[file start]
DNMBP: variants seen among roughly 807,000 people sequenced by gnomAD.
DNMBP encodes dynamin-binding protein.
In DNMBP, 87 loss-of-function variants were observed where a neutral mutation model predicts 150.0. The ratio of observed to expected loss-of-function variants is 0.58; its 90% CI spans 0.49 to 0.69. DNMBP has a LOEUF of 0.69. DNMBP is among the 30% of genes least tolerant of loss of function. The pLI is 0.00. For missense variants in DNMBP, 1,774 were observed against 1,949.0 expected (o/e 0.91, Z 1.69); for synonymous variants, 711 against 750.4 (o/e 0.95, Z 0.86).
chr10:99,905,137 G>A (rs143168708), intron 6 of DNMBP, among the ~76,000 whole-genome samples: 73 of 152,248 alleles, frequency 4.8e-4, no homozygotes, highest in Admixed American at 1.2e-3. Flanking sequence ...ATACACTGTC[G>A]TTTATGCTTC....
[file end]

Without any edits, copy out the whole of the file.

DNMBP: variants seen among roughly 807,000 people sequenced by gnomAD.
DNMBP encodes dynamin-binding protein.
In DNMBP, 87 loss-of-function variants were observed where a neutral mutation model predicts 150.0. The ratio of observed to expected loss-of-function variants is 0.58; its 90% CI spans 0.49 to 0.69. DNMBP has a LOEUF of 0.69. DNMBP is among the 30% of genes least tolerant of loss of function. The pLI is 0.00. For missense variants in DNMBP, 1,774 were observed against 1,949.0 expected (o/e 0.91, Z 1.69); for synonymous variants, 711 against 750.4 (o/e 0.95, Z 0.86).
chr10:99,905,137 G>A (rs143168708), intron 6 of DNMBP, among the ~76,000 whole-genome samples: 73 of 152,248 alleles, frequency 4.8e-4, no homozygotes, highest in Admixed American at 1.2e-3. Flanking sequence ...ATACACTGTC[G>A]TTTATGCTTC....